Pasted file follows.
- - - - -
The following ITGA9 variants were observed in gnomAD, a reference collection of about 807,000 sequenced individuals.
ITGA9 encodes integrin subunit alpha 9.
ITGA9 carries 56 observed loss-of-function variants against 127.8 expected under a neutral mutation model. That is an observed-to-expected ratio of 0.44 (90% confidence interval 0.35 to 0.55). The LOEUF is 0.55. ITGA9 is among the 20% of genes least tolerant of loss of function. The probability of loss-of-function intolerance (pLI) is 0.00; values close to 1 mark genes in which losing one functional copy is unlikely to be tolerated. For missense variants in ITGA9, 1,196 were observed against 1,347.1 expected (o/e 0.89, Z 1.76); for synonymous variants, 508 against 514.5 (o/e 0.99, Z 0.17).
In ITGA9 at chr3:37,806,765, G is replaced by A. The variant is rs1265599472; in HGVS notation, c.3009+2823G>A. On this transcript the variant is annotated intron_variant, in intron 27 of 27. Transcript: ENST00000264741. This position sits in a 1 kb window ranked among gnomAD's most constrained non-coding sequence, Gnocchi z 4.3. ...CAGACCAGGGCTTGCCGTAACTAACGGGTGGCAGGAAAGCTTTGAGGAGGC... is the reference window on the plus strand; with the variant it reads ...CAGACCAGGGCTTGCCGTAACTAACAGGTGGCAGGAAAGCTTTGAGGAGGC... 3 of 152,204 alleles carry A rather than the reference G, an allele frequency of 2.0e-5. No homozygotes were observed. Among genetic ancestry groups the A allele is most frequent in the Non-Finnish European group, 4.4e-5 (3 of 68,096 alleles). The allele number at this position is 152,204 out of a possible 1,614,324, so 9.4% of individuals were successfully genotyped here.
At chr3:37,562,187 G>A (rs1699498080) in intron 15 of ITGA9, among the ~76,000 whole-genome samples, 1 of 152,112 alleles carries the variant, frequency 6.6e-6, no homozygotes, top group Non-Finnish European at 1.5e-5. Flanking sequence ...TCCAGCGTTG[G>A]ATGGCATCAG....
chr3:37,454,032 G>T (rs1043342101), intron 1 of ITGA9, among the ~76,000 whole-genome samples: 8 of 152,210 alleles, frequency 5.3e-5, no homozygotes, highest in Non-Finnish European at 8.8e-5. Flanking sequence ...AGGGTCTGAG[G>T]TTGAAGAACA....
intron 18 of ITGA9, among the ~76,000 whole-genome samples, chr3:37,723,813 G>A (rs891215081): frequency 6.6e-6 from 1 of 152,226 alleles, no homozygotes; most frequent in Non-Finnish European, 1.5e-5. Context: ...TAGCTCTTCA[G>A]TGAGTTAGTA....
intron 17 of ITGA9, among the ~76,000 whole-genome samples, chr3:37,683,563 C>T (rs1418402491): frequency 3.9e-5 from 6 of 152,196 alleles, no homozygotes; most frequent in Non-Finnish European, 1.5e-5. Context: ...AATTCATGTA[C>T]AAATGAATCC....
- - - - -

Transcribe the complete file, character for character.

The following ITGA9 variants were observed in gnomAD, a reference collection of about 807,000 sequenced individuals.
ITGA9 encodes integrin subunit alpha 9.
ITGA9 carries 56 observed loss-of-function variants against 127.8 expected under a neutral mutation model. That is an observed-to-expected ratio of 0.44 (90% confidence interval 0.35 to 0.55). The LOEUF is 0.55. ITGA9 is among the 20% of genes least tolerant of loss of function. The probability of loss-of-function intolerance (pLI) is 0.00; values close to 1 mark genes in which losing one functional copy is unlikely to be tolerated. For missense variants in ITGA9, 1,196 were observed against 1,347.1 expected (o/e 0.89, Z 1.76); for synonymous variants, 508 against 514.5 (o/e 0.99, Z 0.17).
In ITGA9 at chr3:37,806,765, G is replaced by A. The variant is rs1265599472; in HGVS notation, c.3009+2823G>A. On this transcript the variant is annotated intron_variant, in intron 27 of 27. Transcript: ENST00000264741. This position sits in a 1 kb window ranked among gnomAD's most constrained non-coding sequence, Gnocchi z 4.3. ...CAGACCAGGGCTTGCCGTAACTAACGGGTGGCAGGAAAGCTTTGAGGAGGC... is the reference window on the plus strand; with the variant it reads ...CAGACCAGGGCTTGCCGTAACTAACAGGTGGCAGGAAAGCTTTGAGGAGGC... 3 of 152,204 alleles carry A rather than the reference G, an allele frequency of 2.0e-5. No homozygotes were observed. Among genetic ancestry groups the A allele is most frequent in the Non-Finnish European group, 4.4e-5 (3 of 68,096 alleles). The allele number at this position is 152,204 out of a possible 1,614,324, so 9.4% of individuals were successfully genotyped here.
At chr3:37,562,187 G>A (rs1699498080) in intron 15 of ITGA9, among the ~76,000 whole-genome samples, 1 of 152,112 alleles carries the variant, frequency 6.6e-6, no homozygotes, top group Non-Finnish European at 1.5e-5. Flanking sequence ...TCCAGCGTTG[G>A]ATGGCATCAG....
chr3:37,454,032 G>T (rs1043342101), intron 1 of ITGA9, among the ~76,000 whole-genome samples: 8 of 152,210 alleles, frequency 5.3e-5, no homozygotes, highest in Non-Finnish European at 8.8e-5. Flanking sequence ...AGGGTCTGAG[G>T]TTGAAGAACA....
intron 18 of ITGA9, among the ~76,000 whole-genome samples, chr3:37,723,813 G>A (rs891215081): frequency 6.6e-6 from 1 of 152,226 alleles, no homozygotes; most frequent in Non-Finnish European, 1.5e-5. Context: ...TAGCTCTTCA[G>A]TGAGTTAGTA....
intron 17 of ITGA9, among the ~76,000 whole-genome samples, chr3:37,683,563 C>T (rs1418402491): frequency 3.9e-5 from 6 of 152,196 alleles, no homozygotes; most frequent in Non-Finnish European, 1.5e-5. Context: ...AATTCATGTA[C>T]AAATGAATCC....